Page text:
Ah, but the moon!

Buggato has, several times, avowed that he was going to be up, having fun shooting sunrise, while I had to go into work, but somehow I never see any sunrise pics on his blog. Odd, that. But this morning, up far earlier than intended, I had my chance. Only thing is, the sky is perfectly clear and thus rotten conditions for sunrise, which needs humidity and for preference scattered high-level clouds to make things interesting. The crescent moon is up, though.

five=percent waning crescent moon
I had to take a selection of shots, both to pin down the best exposure and to pin down the best focus. Even at 600mm, the moon is small enough in the sky, and dim enough, that precise focus is very tricky, and it takes perfect focus to get the best details from the terminator, so focus and exposure bracketing were both necessary. This was the closest I got – potentially could be better, but certainly brings out some highlights. We’ll go in for a closer look at this same frame.

detail inset of five-percent waning crescent moon
This is full-resolution, at ISO 800 so we have a little colorful noise sneaking in. The shallow crater in the center, just seeing sunset on the edge at top, is most likely Grimaldi, which would make the crater to its right Darwin – it’s hard to tell when everything is on its side and I’m not sure where we are in the precession that the moon performs, but that seems to fit. The two distinct, smaller craters to the left are Krafft (L) and Cardanus (R).

But that’s not all we have this morning. The earthshine was very distinct, though capturing that required a different exposure entirely.

five-percent waning crescent moon showing morning earthshine and lightening skies
This is a one-second exposure at f6.3, ISO 800, which is long enough at this magnification to start to introduce motion blur, but just barely. Since the details lit by the light reflected from Earth (not where I was, but further east where it was daylight,) are still dim, bringing them out requires much long shutter speeds and the Earth still refuses to stop spinning, so there’s a limit, especially if you’re working without a tracking mount. And yes, I’ve talked about them before, but here’s the crucial bit: even if I had a tracking mount, it’d have to be precisely aligned to celestial north (Polaris, only not exactly,) and that would take a lot of fussing for a couple of shots to feature on the blog – I’d probably not bother anyway. But even with this, the details, especially the ray craters of Tycho, came out more than adequately.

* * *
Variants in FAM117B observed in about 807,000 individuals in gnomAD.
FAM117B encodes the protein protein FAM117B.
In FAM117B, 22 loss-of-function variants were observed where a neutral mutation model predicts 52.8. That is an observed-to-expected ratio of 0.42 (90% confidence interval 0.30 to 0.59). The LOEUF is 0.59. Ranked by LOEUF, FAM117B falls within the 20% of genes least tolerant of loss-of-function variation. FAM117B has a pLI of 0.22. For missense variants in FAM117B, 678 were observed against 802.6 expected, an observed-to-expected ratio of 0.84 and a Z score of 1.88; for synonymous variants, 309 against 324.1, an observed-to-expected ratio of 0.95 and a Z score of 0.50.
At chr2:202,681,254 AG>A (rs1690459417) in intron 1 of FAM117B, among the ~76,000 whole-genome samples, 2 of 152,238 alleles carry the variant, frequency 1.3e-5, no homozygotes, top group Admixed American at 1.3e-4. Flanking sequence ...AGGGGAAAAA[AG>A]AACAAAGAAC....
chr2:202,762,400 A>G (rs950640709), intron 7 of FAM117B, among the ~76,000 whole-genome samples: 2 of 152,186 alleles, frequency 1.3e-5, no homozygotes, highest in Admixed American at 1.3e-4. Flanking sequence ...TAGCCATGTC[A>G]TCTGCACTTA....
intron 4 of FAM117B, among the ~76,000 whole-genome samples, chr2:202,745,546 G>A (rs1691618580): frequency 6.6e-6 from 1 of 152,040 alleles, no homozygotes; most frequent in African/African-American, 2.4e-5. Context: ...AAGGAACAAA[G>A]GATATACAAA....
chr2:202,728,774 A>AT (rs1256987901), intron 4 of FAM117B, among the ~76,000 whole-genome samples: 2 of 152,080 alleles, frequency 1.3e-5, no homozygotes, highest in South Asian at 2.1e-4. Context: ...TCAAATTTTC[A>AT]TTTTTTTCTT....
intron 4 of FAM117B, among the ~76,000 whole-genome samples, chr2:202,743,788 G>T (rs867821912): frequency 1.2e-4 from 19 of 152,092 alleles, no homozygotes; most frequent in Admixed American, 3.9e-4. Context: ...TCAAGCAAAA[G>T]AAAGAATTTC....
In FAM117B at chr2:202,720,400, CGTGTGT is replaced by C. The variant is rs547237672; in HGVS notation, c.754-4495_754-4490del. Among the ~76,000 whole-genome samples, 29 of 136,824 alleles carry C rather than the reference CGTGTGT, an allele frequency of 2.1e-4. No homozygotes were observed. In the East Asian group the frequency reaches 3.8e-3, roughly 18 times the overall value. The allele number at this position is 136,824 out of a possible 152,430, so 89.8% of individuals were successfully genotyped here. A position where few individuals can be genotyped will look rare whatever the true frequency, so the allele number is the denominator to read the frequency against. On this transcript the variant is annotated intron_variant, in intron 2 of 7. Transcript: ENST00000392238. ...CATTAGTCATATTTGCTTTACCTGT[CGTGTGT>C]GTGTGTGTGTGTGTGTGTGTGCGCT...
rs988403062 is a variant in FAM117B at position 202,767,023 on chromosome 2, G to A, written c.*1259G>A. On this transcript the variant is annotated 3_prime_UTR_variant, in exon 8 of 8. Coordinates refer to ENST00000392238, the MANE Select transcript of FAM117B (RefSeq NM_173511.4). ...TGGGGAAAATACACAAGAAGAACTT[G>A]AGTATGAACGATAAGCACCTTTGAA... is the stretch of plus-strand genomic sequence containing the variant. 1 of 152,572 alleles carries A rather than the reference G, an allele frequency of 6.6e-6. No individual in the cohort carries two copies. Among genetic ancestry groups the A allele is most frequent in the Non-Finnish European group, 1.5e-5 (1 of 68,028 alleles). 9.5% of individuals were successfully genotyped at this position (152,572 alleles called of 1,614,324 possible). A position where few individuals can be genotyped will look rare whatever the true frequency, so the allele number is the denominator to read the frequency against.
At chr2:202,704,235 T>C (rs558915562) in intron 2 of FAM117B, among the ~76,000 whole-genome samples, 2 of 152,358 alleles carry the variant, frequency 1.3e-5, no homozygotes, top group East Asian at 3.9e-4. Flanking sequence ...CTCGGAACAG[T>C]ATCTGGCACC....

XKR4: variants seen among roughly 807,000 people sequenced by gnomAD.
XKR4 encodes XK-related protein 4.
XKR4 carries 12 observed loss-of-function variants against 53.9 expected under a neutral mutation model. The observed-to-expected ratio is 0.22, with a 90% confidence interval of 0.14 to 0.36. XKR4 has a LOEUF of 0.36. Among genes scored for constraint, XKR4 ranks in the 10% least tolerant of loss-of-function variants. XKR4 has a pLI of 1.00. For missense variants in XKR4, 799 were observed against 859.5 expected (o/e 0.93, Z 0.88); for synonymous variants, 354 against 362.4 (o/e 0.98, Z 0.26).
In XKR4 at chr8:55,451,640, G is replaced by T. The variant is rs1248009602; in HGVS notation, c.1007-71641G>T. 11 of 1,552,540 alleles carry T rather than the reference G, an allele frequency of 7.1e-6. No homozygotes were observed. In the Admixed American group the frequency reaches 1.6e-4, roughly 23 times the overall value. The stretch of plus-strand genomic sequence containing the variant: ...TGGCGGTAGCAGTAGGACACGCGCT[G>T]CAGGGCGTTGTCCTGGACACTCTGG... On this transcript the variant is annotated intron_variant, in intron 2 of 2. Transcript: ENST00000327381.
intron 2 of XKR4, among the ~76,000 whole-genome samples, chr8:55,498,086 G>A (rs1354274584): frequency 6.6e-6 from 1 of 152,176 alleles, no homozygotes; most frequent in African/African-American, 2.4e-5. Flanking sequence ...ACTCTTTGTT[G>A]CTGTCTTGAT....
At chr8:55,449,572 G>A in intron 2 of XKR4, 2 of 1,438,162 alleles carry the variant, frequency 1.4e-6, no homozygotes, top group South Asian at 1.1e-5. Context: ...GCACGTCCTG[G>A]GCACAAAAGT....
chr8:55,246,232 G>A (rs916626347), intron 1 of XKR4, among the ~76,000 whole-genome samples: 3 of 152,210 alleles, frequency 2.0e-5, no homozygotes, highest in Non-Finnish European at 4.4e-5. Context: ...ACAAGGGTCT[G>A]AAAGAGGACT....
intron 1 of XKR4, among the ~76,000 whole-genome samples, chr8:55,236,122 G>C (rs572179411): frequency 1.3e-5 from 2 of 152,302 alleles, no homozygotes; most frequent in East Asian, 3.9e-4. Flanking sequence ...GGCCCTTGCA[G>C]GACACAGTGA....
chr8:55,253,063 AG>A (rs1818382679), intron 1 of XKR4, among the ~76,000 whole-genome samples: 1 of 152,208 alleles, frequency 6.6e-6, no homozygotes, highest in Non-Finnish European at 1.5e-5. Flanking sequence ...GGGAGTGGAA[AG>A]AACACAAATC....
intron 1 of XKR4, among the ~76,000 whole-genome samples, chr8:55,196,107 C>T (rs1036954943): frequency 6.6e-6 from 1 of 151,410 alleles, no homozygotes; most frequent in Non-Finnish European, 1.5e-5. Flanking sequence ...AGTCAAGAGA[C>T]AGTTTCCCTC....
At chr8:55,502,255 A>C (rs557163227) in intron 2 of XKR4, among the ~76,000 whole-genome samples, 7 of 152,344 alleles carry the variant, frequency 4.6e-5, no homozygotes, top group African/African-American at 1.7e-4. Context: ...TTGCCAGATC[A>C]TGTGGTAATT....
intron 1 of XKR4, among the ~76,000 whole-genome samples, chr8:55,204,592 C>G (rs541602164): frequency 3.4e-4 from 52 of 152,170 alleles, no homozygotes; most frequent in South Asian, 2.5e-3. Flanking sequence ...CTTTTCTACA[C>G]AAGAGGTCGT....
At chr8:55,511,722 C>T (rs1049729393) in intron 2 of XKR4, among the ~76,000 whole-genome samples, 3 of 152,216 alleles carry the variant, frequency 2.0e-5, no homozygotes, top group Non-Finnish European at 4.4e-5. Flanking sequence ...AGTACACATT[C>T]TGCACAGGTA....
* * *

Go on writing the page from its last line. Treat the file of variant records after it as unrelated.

You may notice a brighter spot at lower left, not too far from the terminator, and think that’s a little too bright, as I did. But no, that’s Aristarchus, a quite young crater at only 450 million years, so it’s naturally pretty bright – actually, the brightest thing on the moon. Were it actually lit by sunlight, the light would be so bright as to burn a hole in your retina, so it’s a good thing we’re only seeing it in relative darkness.

Okay, no.

In a couple of days, the moon will be down to a little over one percent illuminated right before sunrise, and will diminish down to about 0.8 percent by two PM – we’ll have to see if I make the attempt then, and what I get. Unless we have some specific conditions, it will likely be obscured just from sunlight scattered by the atmosphere but, well, time will tell…

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